Southside Buddhist, by Ira Sukrungruang and published by the University of Tampa Press, has received a 2015 American Book Award. The University of Tampa Press published the book in late 2014.
Sukrungruang, who teaches writing at the University of South Florida, is a Thai American writer. The autobiographical essays in Southside Buddhist include reflections on life, art and writing. His previous books include his memoir Talk Thai: The Adventures of Buddhist Boy and a collection of poetry, In Thailand It Is Night, which won the University of Tampa Press’ Anita Claire Scharf Prize.
Southside Buddhist was also chosen as the recipient of the Florida Book Award Bronze Medal for General Nonfiction earlier this year.
The American Book Awards were created to provide recognition for outstanding literary achievement from the entire spectrum of America’s diverse literary community. The Before Columbus Foundation announced the winners of the 26th annual book awards on July 20 with a formal recognition planned for October.
Learn more about Southside Buddhist and purchase a copy from the Tampa Press site.
Due to all the construction around campus this summer, the library will be experiencing intermittent AC outages.
To help maintain a comfortable temperature, the library has installed chillers — the blue machines that you’ll see affixed to the pipes in the ceiling.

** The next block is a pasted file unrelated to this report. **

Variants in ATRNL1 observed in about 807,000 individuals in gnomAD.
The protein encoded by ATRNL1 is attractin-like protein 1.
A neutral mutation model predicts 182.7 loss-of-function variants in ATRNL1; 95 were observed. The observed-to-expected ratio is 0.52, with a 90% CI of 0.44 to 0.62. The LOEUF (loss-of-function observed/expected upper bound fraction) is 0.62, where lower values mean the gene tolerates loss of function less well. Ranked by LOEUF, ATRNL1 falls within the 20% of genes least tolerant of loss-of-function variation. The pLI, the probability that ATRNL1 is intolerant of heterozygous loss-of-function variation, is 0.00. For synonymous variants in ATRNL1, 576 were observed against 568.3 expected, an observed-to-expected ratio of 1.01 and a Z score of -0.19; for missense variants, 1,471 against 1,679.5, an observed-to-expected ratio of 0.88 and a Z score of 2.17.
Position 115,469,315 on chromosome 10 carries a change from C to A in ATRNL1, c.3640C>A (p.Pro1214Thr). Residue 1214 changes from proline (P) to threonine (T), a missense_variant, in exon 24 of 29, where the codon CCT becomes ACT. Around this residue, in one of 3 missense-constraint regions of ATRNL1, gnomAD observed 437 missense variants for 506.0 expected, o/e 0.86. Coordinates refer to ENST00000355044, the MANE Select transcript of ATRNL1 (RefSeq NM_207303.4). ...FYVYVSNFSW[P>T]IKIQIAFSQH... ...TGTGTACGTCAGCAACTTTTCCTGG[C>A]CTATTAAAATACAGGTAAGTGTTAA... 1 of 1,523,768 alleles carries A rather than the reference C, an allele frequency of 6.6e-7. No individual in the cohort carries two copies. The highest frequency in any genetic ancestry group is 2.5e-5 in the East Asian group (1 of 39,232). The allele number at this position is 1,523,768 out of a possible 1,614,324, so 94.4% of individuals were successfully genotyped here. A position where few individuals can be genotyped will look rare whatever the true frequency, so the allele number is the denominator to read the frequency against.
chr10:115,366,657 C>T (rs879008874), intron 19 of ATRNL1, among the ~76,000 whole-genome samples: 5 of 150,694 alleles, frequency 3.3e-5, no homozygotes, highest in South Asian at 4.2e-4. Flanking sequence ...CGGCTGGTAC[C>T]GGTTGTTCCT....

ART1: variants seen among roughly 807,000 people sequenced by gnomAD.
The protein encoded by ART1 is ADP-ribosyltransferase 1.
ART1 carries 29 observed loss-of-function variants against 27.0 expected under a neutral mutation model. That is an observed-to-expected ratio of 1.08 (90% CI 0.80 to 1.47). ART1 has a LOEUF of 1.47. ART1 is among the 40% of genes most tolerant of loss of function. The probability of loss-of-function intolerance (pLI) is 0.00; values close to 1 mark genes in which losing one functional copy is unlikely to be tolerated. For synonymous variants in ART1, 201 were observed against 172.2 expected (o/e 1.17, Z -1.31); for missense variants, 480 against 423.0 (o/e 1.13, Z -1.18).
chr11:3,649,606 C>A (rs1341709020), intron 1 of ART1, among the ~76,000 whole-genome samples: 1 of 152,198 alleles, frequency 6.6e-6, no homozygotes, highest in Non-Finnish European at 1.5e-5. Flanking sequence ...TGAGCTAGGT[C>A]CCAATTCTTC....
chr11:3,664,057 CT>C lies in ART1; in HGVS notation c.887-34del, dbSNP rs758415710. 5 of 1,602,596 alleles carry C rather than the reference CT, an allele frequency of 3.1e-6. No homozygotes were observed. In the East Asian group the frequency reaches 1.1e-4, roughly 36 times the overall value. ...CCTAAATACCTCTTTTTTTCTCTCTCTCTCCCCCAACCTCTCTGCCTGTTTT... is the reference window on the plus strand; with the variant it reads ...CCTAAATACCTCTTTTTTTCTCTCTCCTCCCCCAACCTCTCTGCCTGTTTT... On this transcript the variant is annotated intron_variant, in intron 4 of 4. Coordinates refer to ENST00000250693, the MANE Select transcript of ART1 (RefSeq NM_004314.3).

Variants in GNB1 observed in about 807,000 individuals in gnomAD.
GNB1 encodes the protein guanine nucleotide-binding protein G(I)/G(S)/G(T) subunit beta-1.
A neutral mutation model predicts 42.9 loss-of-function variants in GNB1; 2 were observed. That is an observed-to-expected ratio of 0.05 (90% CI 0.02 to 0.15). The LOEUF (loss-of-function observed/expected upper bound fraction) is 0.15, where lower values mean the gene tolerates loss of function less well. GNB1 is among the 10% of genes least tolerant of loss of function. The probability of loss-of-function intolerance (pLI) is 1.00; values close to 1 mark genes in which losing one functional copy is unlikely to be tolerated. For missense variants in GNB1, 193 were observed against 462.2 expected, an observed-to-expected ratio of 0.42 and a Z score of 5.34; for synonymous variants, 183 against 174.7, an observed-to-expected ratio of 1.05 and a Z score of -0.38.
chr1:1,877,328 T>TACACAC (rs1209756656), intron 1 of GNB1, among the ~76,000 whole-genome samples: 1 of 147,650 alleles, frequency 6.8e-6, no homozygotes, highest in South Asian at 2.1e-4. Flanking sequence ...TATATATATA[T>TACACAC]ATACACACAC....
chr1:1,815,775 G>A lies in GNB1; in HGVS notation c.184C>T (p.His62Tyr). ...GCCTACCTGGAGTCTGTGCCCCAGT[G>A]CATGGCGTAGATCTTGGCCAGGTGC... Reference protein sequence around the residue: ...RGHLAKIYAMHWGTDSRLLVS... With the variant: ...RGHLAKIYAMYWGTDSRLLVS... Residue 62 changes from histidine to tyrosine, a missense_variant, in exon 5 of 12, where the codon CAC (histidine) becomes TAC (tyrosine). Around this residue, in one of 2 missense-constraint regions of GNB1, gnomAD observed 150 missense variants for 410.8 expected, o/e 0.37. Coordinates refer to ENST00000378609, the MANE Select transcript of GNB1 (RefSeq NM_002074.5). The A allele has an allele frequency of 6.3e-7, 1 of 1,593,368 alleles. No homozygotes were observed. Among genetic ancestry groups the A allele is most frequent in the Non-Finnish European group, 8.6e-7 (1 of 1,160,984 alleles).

The chillers will be around for at least a couple of days until everything is fixed. Please ask a librarian or a staff member at circulation if you have any questions.
Oscar Wilde, Irish Poet and Playright
A fantastic new archive was launched just last week. Harry Ransom Center’s Project REVEAL (UT Austin) is an open-access manuscript and archival collection of 25 authors from America and the UK. Among the authors represented in Project REVEAL are Joseph Conrad, Hart Crane, Thomas Hardy, Vachel Lindsay, Jack London, Katherine Mansfield, Robert Louis Stevenson and Sara Teasdale. Browse personal letters, notes and drafts from your favorite authors online.
From Hyperallergic :
Around 22,000 images from collections on 25 authors are now available through the Harry Ransom Center at the University of Texas. Called Project REVEAL (Read and View English and American Literature), the year-long initiative launched last week in conjunction with the center’s new open access policy for public domain materials. From Jack London’s letters to Thomas Hardy’s obscure architectural drawings, with manuscripts and correspondence by figures like Joseph Conrad, Katherine Mansfield, L. Frank Baum, Oscar Wilde, Henry David Thoreau, and Robert Louis Stevenson, Project REVEAL is an impressive rabbit hole of rarely seen archives.
“Part of the Ransom Center’s mission is to encourage discovery and inspire creativity by sharing its incredible collections,” Liz Gushee, head of Digital Collections Services who oversaw the project, told Hyperallergic. “The adoption of an open access policy, which removes permission and fees, is a concrete way we can facilitate that creativity and use of our collection materials, by anyone, for any purpose.”
What better way to stay cool in the thick of summer heat (and rain) then watching a movie? Did you know that the library has hundreds of DVDs for you to check out? Have you even seen Richard Linklater’s Slacker? No!? Well it’s time for you to stop by the library and check out some movies!
We now have a display with a sample of the films we carry. This summer we’re featuring the Criterion Collection. Criterion issues some of the best movies ever made (go ahead and check out Truffaut’s Jules and Jim). If you don’t see the movie you want in the display, search the Online Catalog to see if we have it. Or ask a librarian, we’ll help you out.